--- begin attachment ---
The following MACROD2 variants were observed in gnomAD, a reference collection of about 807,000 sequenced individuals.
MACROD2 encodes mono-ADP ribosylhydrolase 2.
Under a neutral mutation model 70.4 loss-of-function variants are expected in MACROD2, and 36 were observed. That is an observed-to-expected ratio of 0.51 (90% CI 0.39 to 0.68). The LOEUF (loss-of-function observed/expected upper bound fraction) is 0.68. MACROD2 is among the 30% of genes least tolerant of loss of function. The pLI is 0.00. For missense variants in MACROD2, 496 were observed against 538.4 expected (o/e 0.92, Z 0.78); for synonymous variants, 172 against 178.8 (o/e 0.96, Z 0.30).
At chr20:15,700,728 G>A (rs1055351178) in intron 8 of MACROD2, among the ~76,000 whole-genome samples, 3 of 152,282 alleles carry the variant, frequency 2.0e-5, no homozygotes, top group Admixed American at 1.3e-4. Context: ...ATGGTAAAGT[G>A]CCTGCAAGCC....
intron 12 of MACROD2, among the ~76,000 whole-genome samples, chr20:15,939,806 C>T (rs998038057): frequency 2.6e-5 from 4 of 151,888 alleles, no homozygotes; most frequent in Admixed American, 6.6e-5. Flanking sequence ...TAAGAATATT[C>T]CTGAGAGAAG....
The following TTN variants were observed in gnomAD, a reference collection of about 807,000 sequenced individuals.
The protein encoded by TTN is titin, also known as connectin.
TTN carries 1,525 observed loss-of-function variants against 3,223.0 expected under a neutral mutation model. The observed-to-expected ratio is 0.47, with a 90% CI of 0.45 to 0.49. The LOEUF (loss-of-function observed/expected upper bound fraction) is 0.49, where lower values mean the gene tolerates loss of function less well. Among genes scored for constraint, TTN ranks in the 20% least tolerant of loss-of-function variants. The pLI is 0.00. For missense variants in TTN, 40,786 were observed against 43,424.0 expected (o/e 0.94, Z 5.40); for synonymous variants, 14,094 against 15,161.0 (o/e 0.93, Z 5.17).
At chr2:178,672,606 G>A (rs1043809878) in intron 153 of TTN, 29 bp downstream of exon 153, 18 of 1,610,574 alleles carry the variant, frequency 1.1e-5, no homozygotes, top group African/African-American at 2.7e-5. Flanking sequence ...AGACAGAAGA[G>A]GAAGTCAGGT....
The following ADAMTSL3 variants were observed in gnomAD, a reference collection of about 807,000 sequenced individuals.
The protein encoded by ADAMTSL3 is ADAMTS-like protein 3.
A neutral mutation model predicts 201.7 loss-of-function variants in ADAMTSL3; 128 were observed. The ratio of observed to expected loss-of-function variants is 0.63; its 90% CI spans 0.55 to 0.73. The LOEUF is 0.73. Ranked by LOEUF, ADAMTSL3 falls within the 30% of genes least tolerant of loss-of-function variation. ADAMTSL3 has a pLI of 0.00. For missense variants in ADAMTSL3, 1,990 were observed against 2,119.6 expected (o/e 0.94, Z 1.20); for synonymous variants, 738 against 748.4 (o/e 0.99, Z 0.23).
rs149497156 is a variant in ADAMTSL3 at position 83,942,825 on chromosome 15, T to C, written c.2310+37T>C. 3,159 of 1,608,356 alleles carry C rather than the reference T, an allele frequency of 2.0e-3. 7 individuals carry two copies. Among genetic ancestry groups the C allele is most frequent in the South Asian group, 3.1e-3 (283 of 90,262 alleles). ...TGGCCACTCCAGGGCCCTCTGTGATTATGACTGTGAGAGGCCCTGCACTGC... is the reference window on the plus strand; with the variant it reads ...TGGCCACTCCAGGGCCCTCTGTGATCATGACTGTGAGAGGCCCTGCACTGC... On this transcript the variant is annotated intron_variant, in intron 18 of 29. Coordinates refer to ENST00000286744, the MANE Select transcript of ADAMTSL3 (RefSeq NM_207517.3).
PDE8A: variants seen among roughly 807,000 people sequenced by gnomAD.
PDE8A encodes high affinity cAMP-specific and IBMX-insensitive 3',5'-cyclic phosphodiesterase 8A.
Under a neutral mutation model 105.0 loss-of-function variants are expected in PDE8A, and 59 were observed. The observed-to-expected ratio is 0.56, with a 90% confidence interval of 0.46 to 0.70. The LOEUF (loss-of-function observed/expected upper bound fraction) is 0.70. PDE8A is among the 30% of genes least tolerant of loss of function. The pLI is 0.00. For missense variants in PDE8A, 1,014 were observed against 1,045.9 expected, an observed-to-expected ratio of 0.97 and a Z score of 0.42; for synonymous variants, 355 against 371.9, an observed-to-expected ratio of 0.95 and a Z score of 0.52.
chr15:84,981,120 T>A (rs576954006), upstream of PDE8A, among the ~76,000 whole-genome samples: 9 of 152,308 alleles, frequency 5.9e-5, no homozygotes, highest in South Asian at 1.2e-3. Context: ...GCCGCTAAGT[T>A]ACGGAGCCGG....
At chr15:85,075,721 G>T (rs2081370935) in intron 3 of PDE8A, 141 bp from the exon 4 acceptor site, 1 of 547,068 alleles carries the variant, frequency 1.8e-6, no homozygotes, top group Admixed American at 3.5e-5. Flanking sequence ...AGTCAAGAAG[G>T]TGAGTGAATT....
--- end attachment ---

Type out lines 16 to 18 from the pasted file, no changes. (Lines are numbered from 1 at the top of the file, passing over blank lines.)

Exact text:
Under a neutral mutation model 105.0 loss-of-function variants are expected in PDE8A, and 59 were observed. The observed-to-expected ratio is 0.56, with a 90% confidence interval of 0.46 to 0.70. The LOEUF (loss-of-function observed/expected upper bound fraction) is 0.70. PDE8A is among the 30% of genes least tolerant of loss of function. The pLI is 0.00. For missense variants in PDE8A, 1,014 were observed against 1,045.9 expected, an observed-to-expected ratio of 0.97 and a Z score of 0.42; for synonymous variants, 355 against 371.9, an observed-to-expected ratio of 0.95 and a Z score of 0.52.
chr15:84,981,120 T>A (rs576954006), upstream of PDE8A, among the ~76,000 whole-genome samples: 9 of 152,308 alleles, frequency 5.9e-5, no homozygotes, highest in South Asian at 1.2e-3. Context: ...GCCGCTAAGT[T>A]ACGGAGCCGG....
At chr15:85,075,721 G>T (rs2081370935) in intron 3 of PDE8A, 141 bp from the exon 4 acceptor site, 1 of 547,068 alleles carries the variant, frequency 1.8e-6, no homozygotes, top group Admixed American at 3.5e-5. Flanking sequence ...AGTCAAGAAG[G>T]TGAGTGAATT....